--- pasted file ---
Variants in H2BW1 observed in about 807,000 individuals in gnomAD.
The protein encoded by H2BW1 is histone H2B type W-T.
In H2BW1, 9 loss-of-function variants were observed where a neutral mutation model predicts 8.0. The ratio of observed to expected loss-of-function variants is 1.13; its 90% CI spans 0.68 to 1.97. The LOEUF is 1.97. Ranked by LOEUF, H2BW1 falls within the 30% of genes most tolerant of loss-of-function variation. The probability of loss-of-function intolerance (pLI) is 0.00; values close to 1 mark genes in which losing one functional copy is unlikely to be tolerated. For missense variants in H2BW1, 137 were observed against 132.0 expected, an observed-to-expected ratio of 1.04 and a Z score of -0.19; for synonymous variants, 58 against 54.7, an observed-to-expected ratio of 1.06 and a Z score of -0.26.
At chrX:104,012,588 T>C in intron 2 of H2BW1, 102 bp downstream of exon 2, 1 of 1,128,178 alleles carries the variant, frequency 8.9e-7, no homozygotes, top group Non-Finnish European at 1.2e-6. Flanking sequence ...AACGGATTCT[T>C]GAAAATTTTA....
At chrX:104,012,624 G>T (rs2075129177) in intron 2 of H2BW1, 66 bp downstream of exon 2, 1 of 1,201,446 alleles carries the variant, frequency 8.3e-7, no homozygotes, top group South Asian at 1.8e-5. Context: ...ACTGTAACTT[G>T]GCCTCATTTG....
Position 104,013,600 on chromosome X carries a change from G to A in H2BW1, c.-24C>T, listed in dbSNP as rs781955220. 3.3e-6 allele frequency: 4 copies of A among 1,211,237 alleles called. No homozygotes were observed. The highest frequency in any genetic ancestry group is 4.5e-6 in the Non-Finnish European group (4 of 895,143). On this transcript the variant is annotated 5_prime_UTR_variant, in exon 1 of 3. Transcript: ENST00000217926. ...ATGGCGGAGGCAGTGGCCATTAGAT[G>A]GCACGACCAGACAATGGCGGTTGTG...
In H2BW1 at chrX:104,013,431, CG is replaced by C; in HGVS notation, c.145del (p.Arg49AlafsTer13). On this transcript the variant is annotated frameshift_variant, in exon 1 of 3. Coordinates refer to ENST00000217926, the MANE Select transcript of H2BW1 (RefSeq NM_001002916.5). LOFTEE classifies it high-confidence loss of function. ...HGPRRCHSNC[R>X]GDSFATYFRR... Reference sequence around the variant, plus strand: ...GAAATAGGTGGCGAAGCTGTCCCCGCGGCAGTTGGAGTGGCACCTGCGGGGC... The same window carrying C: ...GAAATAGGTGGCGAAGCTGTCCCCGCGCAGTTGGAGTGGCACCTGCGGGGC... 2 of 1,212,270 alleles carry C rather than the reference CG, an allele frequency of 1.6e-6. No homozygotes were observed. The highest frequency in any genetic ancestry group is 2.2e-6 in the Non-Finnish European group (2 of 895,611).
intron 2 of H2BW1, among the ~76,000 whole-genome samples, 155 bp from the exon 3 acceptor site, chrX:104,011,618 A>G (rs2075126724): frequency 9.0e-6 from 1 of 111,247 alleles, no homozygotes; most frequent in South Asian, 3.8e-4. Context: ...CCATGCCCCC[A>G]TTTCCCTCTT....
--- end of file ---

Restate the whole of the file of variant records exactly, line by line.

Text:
Variants in H2BW1 observed in about 807,000 individuals in gnomAD.
The protein encoded by H2BW1 is histone H2B type W-T.
In H2BW1, 9 loss-of-function variants were observed where a neutral mutation model predicts 8.0. The ratio of observed to expected loss-of-function variants is 1.13; its 90% CI spans 0.68 to 1.97. The LOEUF is 1.97. Ranked by LOEUF, H2BW1 falls within the 30% of genes most tolerant of loss-of-function variation. The probability of loss-of-function intolerance (pLI) is 0.00; values close to 1 mark genes in which losing one functional copy is unlikely to be tolerated. For missense variants in H2BW1, 137 were observed against 132.0 expected, an observed-to-expected ratio of 1.04 and a Z score of -0.19; for synonymous variants, 58 against 54.7, an observed-to-expected ratio of 1.06 and a Z score of -0.26.
At chrX:104,012,588 T>C in intron 2 of H2BW1, 102 bp downstream of exon 2, 1 of 1,128,178 alleles carries the variant, frequency 8.9e-7, no homozygotes, top group Non-Finnish European at 1.2e-6. Flanking sequence ...AACGGATTCT[T>C]GAAAATTTTA....
At chrX:104,012,624 G>T (rs2075129177) in intron 2 of H2BW1, 66 bp downstream of exon 2, 1 of 1,201,446 alleles carries the variant, frequency 8.3e-7, no homozygotes, top group South Asian at 1.8e-5. Context: ...ACTGTAACTT[G>T]GCCTCATTTG....
Position 104,013,600 on chromosome X carries a change from G to A in H2BW1, c.-24C>T, listed in dbSNP as rs781955220. 3.3e-6 allele frequency: 4 copies of A among 1,211,237 alleles called. No homozygotes were observed. The highest frequency in any genetic ancestry group is 4.5e-6 in the Non-Finnish European group (4 of 895,143). On this transcript the variant is annotated 5_prime_UTR_variant, in exon 1 of 3. Transcript: ENST00000217926. ...ATGGCGGAGGCAGTGGCCATTAGAT[G>A]GCACGACCAGACAATGGCGGTTGTG...
In H2BW1 at chrX:104,013,431, CG is replaced by C; in HGVS notation, c.145del (p.Arg49AlafsTer13). On this transcript the variant is annotated frameshift_variant, in exon 1 of 3. Coordinates refer to ENST00000217926, the MANE Select transcript of H2BW1 (RefSeq NM_001002916.5). LOFTEE classifies it high-confidence loss of function. ...HGPRRCHSNC[R>X]GDSFATYFRR... Reference sequence around the variant, plus strand: ...GAAATAGGTGGCGAAGCTGTCCCCGCGGCAGTTGGAGTGGCACCTGCGGGGC... The same window carrying C: ...GAAATAGGTGGCGAAGCTGTCCCCGCGCAGTTGGAGTGGCACCTGCGGGGC... 2 of 1,212,270 alleles carry C rather than the reference CG, an allele frequency of 1.6e-6. No homozygotes were observed. The highest frequency in any genetic ancestry group is 2.2e-6 in the Non-Finnish European group (2 of 895,611).
intron 2 of H2BW1, among the ~76,000 whole-genome samples, 155 bp from the exon 3 acceptor site, chrX:104,011,618 A>G (rs2075126724): frequency 9.0e-6 from 1 of 111,247 alleles, no homozygotes; most frequent in South Asian, 3.8e-4. Context: ...CCATGCCCCC[A>G]TTTCCCTCTT....